Doctor urges caution amid second virus wave

  • Hart County hit a record number of single-day cases reported on Dec. 4 when 24 new cases were reported, according to the Department of Public Health.
    Hart County hit a record number of single-day cases reported on Dec. 4 when 24 new cases were reported, according to the Department of Public Health.

A record-breaking surge in COVID-19 cases locally is prompting a local doctor to speak out as hospitals are hitting capacity.
Hart County hit a record number of single-day cases reported on Dec. 4 when 24 new cases were reported, according to the Department of Public Health. The previous record for number of cases reported in a single day in Hart County was 15 on July 31.
The number of active cases in Hart County spiked to 80, the highest recorded since the pandemic began, as of Wednesday morning, according to county administrator Terrell Partain.
Local doctor Daniel Gordon, who often works at St. Mary’s Sacred Heart in Lavonia, told The Sun doctors are seeing the highest patient load they’ve seen and about half of the patients in ICU at the Lavonia hospital are battling COVID-19. He is urging all residents to be more vigilant about limiting gatherings, wearing masks in public — and staying home if you’re sick.
“It doesn’t differentiate whether you’re at school, church or inside eating somewhere, or whether you’re at Christmas with your family,” Gordon said. “If somebody’s got it, it’s probably going to spread.”
There have been patients hospitalized as young as in their 40’s, Gordon said, but most are senior citizens or have medical issues already.
“And that’s the issue that I have is people will say, ‘well I’m young, I’m healthy, if I get it I’ll do fine’ but they just go about their business as usual,” Gordon said. “And that may be true for an individual, but this is not an individual disease — this is a community burden.”
In some of the most disappointing instances for Gordon, he said, is that he’s seen some patients directly defy quarantine orders. In one case, he said a Hart County High School football player had symptoms and was tested for the virus the Tuesday before a Friday night football game and the student was told to quarantine, but he instead defied doctor’s orders and traveled with the team to Atlanta for a playoff game without notifying school officials.
It’s not just one incident contributing to the spread though, Gordon said, rather it’s the accumulation of different gatherings and interactions throughout the community.
There are 337 students who have been quarantined for possible exposure and 19 students who have tested positive for COVID-19 in the Hart County Charter System as of the Monday, Dec. 7 report. Additionally, 18 employees in the system have tested positive and four have been quarantined for possible exposure.
While Gordon said St. Mary’s Sacred Heart is doing a great job caring for COVID-19 patients and having a lot of successful outcomes, he said it is difficult when so many patients have the disease.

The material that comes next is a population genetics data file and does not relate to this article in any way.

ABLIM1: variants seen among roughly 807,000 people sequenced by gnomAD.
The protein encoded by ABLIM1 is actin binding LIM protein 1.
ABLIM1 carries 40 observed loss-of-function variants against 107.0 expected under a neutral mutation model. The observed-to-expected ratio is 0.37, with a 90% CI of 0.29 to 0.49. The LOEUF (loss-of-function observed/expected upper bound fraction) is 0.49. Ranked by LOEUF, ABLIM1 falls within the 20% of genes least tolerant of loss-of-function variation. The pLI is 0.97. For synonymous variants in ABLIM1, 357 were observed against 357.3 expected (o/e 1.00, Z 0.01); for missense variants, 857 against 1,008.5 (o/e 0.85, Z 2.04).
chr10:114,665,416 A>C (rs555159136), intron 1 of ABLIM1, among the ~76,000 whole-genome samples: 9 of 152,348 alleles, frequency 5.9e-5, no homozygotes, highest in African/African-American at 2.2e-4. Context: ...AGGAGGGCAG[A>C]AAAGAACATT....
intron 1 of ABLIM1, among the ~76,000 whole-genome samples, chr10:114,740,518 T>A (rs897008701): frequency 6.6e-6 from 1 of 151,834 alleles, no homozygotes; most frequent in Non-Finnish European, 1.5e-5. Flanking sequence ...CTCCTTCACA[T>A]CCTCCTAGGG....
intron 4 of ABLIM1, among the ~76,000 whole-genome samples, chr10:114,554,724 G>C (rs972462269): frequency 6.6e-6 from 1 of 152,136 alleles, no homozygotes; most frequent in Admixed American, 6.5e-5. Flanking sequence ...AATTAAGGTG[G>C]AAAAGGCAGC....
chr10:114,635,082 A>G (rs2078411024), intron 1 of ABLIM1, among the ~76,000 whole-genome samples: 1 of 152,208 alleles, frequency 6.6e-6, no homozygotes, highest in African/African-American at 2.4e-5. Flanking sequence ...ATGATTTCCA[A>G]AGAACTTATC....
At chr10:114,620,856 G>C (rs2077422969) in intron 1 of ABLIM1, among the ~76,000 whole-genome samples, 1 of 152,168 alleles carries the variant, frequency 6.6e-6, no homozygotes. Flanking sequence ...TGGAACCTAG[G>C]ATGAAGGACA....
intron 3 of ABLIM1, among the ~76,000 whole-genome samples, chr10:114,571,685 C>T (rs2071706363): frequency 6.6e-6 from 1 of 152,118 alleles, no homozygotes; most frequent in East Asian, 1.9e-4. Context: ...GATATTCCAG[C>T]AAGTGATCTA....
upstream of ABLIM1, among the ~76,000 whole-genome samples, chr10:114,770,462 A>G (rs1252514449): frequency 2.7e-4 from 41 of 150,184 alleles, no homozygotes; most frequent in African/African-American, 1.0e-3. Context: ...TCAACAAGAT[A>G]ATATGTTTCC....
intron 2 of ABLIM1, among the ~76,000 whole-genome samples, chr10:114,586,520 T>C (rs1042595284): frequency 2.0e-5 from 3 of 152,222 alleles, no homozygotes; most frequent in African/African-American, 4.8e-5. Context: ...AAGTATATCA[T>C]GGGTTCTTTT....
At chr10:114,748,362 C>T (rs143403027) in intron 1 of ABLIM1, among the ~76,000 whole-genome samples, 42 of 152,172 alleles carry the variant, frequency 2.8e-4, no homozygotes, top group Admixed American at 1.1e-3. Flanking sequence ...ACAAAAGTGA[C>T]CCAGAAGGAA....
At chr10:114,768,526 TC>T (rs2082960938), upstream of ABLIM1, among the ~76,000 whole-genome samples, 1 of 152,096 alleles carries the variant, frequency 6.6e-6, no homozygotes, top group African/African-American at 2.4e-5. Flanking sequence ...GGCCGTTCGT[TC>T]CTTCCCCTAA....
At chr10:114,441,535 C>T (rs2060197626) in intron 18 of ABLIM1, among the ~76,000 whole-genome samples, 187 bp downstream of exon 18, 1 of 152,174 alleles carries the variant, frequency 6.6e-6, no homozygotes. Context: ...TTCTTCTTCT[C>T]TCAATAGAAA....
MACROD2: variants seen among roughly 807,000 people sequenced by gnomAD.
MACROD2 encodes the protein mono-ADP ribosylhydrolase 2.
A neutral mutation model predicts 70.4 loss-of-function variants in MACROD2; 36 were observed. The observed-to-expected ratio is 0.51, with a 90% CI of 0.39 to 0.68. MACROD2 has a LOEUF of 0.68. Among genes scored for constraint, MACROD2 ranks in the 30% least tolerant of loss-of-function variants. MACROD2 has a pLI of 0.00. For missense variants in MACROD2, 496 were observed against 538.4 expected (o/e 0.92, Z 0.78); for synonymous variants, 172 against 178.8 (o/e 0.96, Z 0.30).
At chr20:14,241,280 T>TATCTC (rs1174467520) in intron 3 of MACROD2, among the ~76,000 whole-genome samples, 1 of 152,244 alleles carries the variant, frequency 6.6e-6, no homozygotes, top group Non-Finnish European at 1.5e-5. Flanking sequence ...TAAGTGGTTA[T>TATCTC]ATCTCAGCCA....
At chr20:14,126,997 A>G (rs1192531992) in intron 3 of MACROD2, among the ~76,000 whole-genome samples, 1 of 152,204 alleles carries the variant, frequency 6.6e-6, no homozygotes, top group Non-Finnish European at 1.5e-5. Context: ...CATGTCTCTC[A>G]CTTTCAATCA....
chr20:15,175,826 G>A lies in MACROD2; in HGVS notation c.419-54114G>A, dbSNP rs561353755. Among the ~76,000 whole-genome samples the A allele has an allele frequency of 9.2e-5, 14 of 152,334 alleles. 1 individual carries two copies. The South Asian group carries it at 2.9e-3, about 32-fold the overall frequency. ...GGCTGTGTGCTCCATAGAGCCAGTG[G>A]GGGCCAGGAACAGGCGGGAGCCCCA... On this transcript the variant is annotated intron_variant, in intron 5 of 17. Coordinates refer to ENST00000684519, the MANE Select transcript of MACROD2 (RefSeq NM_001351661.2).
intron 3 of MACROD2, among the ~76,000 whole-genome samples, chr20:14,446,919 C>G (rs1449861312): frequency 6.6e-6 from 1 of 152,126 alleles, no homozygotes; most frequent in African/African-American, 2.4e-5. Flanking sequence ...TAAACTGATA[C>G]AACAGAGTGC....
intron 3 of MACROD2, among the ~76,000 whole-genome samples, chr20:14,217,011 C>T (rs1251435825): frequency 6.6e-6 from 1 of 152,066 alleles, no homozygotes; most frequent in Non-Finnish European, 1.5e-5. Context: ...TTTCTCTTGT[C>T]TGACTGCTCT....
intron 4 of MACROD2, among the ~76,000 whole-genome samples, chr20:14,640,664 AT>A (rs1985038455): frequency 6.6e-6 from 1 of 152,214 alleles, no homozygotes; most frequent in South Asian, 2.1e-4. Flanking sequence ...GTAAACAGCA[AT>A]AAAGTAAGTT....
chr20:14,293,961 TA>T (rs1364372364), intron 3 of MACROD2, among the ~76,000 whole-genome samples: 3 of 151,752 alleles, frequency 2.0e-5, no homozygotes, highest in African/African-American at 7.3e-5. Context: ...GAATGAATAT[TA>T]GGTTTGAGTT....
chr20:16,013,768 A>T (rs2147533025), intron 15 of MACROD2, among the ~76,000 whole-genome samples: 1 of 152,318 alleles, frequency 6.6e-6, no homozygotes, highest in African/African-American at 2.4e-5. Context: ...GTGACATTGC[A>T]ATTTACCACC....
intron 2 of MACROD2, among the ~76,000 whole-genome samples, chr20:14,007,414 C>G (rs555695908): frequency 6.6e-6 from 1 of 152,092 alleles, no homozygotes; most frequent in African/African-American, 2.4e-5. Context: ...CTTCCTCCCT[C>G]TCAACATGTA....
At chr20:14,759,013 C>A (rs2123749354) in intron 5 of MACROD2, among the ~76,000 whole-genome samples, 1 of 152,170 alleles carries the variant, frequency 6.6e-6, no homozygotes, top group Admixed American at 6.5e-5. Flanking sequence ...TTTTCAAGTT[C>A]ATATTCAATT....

St. Mary’s Sacred Heart Hospital President Jeff English told The Sun recently there has been a rise in cases locally and St. Mary’s in Athens recently had to divert patients to other facilities, but healthcare providers are doing what they can to make sure everyone who needs treatment receives it.
“Our hospital is very busy from all causes, not just COVID, but we are managing the volume pretty well at this point. Currently we are not on diversion here at Sacred Heart Hospital, though in Athens, St. Mary’s has had to go on diversion briefly on several occasions recently,” English said. “We want everyone to know that even if on diversion, our hospitals continue to provide emergency care, and if other hospitals in the region are also on diversion, EMS will rotate among them to ensure everyone who has a medical emergency receives the care they need.”
There are 118 new COVID-19 cases that have been reported in Hart County in the past two weeks, as of the Wednesday afternoon report from the state Department of Public Health. More than 820 cases have been reported in Hart County since the DPH began tracking the data in March.
There have been 20 deaths in Hart County attributed directly or related to COVID-19 and nine probable coronavirus deaths, according to the DPH. At least nine of the deaths in Hart County were residents under the age of 70. Hart County is considered a county of high transmission with roughly 19 percent of the people tested coming back positive, the DPH reports.
“Our communities have done an amazing job of flattening the curve before. We need them to stay in this fight with us by everyone doing their part,” English said.
Statewide, more than 9,000 people have died and 448,683 have been confirmed to have the virus as of Tuesday.